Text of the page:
Tooth and Nail
Drafted down to the Big Smoke thanks to his supposed expertise in the modus operandi of serial killers, Inspector John Rebus is on a train south from Edinburgh. His Scotland Yard opposite number, George Flight, isn't too happy at yet more interference. It's bad enough having several Chief Inspectors on your back without being hounded at every turn by an upstart Jock. Rebus is going to have to deal with racial prejudice as well as the predations of a violent maniac. When he's offered a serial killer profile of the Wolfman by an attractive lady psychologist, it's too good an opportunity to turn down. But in finding an ally, he may have given his enemies an easy means of attack.
Reviewed on 7th September 2012
The third Inspector Rebus book sees the character called to London as an expert in serial killers to investigate the mysterious 'Wolfman' who has been brutally killing women across the city.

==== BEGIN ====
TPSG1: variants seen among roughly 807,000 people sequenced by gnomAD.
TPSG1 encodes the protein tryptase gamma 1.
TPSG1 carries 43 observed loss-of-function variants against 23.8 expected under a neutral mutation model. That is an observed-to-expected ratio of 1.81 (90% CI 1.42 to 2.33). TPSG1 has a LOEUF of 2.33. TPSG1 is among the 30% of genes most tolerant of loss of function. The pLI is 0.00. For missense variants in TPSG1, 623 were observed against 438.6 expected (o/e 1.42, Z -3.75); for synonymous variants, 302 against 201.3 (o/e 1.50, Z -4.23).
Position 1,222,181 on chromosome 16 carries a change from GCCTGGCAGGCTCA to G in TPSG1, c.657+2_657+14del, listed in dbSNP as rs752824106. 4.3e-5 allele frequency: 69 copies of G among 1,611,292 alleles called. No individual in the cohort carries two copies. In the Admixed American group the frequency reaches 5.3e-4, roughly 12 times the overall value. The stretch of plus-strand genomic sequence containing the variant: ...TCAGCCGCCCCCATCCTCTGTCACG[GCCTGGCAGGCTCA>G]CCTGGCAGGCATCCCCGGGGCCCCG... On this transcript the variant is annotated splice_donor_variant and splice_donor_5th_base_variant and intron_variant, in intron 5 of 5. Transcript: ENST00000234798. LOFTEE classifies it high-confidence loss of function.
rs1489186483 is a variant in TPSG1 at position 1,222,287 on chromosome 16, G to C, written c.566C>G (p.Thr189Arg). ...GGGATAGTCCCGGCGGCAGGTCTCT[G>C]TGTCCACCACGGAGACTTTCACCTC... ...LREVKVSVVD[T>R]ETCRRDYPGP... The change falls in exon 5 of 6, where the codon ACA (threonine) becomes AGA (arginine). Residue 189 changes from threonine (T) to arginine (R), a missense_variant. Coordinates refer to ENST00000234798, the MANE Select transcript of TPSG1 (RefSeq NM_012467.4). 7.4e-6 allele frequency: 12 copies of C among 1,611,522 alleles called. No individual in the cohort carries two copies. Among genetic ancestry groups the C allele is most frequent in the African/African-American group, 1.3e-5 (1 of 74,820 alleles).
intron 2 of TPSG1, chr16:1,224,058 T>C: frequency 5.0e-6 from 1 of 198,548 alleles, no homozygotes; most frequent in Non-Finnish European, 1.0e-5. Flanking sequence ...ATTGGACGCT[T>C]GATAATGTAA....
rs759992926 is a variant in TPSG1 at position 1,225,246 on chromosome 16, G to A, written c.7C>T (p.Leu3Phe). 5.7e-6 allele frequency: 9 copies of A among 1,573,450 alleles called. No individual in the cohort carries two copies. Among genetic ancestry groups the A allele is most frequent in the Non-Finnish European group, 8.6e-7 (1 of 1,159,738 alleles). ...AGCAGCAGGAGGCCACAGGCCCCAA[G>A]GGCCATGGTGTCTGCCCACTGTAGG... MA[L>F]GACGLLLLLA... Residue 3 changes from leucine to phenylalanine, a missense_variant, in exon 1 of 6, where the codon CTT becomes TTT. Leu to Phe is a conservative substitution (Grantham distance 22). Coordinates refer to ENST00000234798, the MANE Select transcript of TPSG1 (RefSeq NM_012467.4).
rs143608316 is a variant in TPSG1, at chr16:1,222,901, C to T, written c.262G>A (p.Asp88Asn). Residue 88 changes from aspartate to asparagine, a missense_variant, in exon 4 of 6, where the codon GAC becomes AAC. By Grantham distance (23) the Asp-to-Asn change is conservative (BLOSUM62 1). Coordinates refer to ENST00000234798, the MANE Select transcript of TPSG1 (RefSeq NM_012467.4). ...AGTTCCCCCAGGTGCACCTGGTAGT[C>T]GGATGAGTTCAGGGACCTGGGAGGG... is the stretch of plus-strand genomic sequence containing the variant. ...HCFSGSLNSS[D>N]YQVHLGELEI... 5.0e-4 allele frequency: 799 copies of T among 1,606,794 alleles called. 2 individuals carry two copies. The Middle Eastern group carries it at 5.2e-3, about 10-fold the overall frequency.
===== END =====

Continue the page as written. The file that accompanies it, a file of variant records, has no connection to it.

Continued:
Like the first two, Rankin uses his narrative to well define his character and shows a large number of seemingly random observations which are clearly those he made himself while living in London. These make the character come alive and the whole story seem very realistic. Similarly he uses a number of anecdotes to build up side plots that aren't relevant to the main story but help the character building.
As a mystery it's well set-up with a great number of clues and red-herrings, two of which I fell for in a major way (and one of which I thought I'd been really clever to spot). The conclusion did seem rather abrupt and I'm not convinced that the solution was arrived at in the most satisfactory way. Several of the final scenes also seemed very similar to how I remember the first book.
Overall it was an interesting read, though perhaps a bit too serious a crime story for my tastes which like a little bit of a lighter touch. It's not going to stop me returning to read more of the series.